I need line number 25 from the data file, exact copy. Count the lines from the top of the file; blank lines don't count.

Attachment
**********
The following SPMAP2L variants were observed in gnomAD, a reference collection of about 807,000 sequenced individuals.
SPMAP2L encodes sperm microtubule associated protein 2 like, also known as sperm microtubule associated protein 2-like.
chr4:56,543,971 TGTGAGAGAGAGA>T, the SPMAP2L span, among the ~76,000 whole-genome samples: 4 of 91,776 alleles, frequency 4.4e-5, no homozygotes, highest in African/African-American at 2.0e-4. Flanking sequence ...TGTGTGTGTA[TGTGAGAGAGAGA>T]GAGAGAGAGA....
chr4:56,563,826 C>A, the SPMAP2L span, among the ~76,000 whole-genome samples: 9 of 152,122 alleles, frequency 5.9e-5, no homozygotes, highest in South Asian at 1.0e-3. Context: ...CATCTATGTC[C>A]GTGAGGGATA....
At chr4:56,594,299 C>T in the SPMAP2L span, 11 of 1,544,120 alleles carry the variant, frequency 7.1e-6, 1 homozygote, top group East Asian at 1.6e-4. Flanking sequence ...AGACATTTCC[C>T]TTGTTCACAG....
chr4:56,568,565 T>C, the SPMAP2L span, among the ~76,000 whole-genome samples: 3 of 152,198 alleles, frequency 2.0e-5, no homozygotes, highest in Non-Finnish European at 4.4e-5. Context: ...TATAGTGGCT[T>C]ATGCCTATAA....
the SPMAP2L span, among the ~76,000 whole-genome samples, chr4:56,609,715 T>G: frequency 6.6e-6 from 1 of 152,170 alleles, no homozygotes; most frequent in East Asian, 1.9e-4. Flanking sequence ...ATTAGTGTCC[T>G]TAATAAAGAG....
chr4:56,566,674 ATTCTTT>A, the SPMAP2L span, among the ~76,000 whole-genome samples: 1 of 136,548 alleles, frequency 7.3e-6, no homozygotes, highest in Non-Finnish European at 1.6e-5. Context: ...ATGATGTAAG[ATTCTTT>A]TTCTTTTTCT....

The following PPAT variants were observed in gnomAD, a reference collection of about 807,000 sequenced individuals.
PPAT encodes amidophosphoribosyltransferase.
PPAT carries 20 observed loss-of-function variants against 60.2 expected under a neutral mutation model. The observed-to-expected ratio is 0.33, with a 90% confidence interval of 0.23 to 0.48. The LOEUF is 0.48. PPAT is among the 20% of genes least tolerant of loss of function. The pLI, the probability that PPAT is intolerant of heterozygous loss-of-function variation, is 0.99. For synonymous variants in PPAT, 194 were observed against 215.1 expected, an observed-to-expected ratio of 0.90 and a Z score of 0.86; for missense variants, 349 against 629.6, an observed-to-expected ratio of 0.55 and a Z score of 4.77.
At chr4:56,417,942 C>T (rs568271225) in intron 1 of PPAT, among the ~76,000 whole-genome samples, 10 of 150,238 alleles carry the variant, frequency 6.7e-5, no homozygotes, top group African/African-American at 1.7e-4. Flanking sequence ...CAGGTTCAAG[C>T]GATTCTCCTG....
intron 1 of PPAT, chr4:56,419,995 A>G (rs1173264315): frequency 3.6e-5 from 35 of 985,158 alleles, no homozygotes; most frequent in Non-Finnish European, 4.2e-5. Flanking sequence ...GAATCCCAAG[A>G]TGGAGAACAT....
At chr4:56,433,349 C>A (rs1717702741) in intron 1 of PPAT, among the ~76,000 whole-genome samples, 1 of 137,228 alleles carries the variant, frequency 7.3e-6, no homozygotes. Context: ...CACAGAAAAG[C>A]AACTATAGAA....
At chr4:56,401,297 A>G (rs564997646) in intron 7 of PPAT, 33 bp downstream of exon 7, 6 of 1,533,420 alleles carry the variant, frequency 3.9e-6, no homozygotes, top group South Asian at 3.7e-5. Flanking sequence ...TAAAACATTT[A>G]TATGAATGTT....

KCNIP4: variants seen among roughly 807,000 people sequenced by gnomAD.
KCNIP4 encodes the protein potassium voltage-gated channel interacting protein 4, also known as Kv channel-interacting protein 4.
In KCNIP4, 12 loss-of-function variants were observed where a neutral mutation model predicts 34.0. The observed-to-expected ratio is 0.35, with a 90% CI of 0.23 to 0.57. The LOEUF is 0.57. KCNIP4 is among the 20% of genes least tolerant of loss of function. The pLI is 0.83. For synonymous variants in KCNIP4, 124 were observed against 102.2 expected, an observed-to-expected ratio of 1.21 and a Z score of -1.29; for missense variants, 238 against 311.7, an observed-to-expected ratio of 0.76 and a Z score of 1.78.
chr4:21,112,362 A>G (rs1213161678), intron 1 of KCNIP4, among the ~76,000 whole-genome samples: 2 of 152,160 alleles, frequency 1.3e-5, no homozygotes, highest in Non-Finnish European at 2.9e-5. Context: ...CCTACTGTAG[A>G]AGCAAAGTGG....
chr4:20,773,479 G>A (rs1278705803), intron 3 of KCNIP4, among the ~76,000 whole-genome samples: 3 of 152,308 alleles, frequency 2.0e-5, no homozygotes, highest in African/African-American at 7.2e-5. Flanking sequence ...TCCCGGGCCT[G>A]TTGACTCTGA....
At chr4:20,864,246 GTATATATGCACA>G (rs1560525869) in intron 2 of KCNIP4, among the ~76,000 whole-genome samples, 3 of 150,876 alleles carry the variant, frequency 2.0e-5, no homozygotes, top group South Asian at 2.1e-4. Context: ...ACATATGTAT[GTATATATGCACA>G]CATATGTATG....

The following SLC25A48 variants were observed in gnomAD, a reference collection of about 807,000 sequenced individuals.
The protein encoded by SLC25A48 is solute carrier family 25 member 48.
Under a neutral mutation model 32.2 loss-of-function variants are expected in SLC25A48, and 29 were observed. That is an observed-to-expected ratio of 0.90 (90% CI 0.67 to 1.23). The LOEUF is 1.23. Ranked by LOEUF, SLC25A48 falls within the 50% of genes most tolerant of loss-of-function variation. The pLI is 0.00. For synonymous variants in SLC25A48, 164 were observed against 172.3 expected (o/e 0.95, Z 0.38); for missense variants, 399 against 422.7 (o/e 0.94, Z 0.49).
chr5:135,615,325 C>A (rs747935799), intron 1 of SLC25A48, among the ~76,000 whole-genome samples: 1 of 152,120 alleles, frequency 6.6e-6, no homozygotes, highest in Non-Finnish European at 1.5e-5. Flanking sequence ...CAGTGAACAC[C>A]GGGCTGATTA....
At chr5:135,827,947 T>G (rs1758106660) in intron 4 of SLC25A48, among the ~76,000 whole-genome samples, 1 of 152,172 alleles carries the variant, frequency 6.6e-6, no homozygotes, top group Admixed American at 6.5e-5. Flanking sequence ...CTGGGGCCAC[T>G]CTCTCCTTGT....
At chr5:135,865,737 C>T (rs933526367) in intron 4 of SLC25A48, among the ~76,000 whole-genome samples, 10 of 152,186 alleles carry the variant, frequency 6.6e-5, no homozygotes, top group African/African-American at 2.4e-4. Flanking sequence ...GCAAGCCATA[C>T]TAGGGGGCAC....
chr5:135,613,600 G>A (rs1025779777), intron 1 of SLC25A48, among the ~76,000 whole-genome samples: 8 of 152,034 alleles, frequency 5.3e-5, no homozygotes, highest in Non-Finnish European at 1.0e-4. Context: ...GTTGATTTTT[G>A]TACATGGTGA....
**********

chr5:135,615,325 C>A (rs747935799), intron 1 of SLC25A48, among the ~76,000 whole-genome samples: 1 of 152,120 alleles, frequency 6.6e-6, no homozygotes, highest in Non-Finnish European at 1.5e-5. Flanking sequence ...CAGTGAACAC[C>A]GGGCTGATTA....